The critical role of the mobile phone in alleviating poverty

As the World Bank recognises the importance of remittances in the global fight against poverty, one Irish start-up offers powerful alternative – mobile phone remittances.

Dublin, Ireland, 3rd May 2015 - A recent report by the World Bank reinforces the importance of migration and remittances to the global economy. By allowing people move to where they can be more productive, migration ultimately results in increased output and income in both origin and destination countries. The report states that remittances can reduce the severity of poverty in a variety of ways including higher capital accumulation, greater health and education expenditures, improve access to formal financial sector services and enhanced small business investment.

With the development of mobile technology and the ever-increasing access to handsets across the emerging world, the mobile phone plays an important role in amplifying the overall impact of remittances. Back in 2006, Irish entrepreneur Mark Roden recognised that the ability to transfer credit directly on to mobile phones abroad would be a convenient, safe complement to traditional money remittance and one that could have an exceptionally positive impact on the lives of the receivers.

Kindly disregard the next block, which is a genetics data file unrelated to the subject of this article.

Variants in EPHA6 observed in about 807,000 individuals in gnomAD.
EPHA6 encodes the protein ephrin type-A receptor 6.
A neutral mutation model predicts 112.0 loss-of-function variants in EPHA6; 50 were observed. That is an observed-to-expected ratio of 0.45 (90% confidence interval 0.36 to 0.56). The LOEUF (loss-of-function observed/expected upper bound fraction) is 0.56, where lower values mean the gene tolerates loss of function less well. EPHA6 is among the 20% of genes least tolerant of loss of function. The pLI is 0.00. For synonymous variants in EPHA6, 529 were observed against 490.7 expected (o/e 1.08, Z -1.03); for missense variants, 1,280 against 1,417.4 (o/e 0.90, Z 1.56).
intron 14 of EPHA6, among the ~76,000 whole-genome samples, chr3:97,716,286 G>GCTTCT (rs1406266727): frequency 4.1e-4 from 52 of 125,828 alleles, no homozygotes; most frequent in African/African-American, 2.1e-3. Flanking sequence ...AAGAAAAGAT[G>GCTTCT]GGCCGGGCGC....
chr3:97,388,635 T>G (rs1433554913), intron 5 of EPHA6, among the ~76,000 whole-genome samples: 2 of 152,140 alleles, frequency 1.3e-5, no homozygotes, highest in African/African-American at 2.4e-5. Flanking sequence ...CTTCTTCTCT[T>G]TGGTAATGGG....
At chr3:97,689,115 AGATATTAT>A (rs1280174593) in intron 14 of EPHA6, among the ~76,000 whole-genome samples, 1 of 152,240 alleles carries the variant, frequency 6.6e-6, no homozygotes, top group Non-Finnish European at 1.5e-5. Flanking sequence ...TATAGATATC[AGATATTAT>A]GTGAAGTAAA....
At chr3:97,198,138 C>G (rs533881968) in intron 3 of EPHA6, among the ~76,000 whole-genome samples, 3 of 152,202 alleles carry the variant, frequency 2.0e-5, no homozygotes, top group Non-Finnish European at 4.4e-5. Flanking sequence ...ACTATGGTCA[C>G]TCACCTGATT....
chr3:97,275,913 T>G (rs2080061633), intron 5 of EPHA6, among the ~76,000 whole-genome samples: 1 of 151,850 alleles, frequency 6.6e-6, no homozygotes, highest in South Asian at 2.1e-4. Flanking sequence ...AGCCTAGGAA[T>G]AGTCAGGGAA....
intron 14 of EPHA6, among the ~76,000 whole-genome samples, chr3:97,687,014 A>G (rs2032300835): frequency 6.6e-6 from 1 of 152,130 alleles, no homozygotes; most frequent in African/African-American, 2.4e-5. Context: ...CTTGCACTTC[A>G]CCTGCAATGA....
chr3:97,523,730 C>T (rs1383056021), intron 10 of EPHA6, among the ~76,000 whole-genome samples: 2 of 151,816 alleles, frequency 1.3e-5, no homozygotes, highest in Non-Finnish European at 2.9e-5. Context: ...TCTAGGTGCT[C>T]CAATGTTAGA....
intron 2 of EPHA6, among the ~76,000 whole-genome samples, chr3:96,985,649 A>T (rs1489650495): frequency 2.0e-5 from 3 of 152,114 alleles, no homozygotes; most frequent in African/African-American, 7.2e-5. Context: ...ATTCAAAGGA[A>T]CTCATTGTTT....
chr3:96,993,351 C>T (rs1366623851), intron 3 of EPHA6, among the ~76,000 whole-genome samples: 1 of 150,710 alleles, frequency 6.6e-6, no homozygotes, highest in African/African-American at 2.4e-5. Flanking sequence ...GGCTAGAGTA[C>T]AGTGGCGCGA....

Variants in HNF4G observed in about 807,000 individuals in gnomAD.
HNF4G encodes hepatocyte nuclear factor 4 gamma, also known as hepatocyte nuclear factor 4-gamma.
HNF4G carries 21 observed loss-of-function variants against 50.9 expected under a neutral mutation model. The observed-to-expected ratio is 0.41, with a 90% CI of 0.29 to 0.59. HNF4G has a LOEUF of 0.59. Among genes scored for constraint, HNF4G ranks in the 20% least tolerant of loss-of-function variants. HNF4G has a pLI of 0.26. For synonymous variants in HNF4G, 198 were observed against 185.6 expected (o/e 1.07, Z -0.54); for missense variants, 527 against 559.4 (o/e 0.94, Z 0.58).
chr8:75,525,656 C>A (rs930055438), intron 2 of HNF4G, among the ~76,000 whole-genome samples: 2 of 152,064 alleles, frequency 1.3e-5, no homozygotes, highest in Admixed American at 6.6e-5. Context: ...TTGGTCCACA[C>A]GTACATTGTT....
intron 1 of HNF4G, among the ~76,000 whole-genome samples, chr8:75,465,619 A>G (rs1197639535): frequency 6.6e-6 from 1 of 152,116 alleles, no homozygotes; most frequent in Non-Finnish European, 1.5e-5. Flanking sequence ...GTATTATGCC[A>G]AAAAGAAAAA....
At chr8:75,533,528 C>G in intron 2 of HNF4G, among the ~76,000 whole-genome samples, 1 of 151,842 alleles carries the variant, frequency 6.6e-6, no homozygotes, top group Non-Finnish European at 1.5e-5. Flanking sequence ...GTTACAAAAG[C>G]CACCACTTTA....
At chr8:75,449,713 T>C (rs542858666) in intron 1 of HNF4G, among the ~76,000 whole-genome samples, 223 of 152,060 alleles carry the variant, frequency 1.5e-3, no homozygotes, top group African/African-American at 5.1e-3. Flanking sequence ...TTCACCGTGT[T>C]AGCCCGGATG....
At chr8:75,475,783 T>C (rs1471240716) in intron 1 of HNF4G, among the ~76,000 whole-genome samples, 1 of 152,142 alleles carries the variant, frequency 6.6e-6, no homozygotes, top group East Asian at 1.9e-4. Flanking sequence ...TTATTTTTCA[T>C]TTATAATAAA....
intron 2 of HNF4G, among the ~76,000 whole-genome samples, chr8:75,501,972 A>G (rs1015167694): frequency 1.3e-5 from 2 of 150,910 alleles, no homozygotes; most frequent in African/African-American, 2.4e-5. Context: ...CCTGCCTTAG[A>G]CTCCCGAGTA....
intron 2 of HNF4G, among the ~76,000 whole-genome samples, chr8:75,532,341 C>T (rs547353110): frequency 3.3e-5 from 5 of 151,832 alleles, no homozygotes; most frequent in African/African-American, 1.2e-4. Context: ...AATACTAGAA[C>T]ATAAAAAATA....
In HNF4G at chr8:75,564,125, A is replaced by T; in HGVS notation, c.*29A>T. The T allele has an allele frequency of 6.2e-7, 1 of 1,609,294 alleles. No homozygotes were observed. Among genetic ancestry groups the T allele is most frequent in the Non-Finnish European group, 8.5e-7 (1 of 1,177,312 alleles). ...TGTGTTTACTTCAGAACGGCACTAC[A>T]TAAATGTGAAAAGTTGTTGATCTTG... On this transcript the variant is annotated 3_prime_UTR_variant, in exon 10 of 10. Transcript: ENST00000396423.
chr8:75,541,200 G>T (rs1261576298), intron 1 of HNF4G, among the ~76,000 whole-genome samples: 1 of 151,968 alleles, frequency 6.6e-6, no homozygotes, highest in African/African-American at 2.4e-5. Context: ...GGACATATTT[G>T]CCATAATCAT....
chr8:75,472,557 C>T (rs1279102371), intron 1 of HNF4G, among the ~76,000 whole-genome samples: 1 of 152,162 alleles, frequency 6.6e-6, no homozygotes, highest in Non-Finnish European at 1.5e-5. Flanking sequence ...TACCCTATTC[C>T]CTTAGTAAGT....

“A topped-up mobile phone enables better access to information and communication technologies which empowers the individual and drives improved productivity, more entrepreneurship and better preparedness for natural disasters or epidemic outbreaks,” say Roden

Connected to 4 billion phones across 130 countries, there are numerous ways in which Ding is being used to make a difference to people’s lives. There is Uriana, a 39 year old mother in rural Nicaragua who is totally cut off from modern day communications. Her sister in the US uses www.ding.com to send top-up to Uriana’s phone ensuring she gets the most out of it. When asked, Uriana confirmed that while being able to communicate is key, the best thing about receiving credit is that it allows her use Google to help her daughter with her homework.

Then there is Marvin, an aid worker with ActionAid Liberia who uses Ding to top-up phones of the field workers ensuring they can communicate, a critical lifeline during outbreaks such as Ebola. “The top-up goes a long way to help us obtain and share useful information – allowing us regularly call hospitals and update others in rural regions on vital medical information,” Marvin says.

Haiti Projects is a not-for-profit organisation focused on empowering women in rural Haiti. Partnering with Ding, they use top-up as a reward to boost productivity at the organisation’s sewing co-op as well as an incentive for women to keep vital appointments at their Family Planning clinics. “In a country such as Haiti, ensuring another generation is not born into poverty is critical for ongoing development. By incentivising women to keep their appointments, we are protecting the Haiti’s future generation and giving these women top-up, something that is so empowering in their daily lives,” says Cherie Miot Abbanat CEO of Haiti Projects.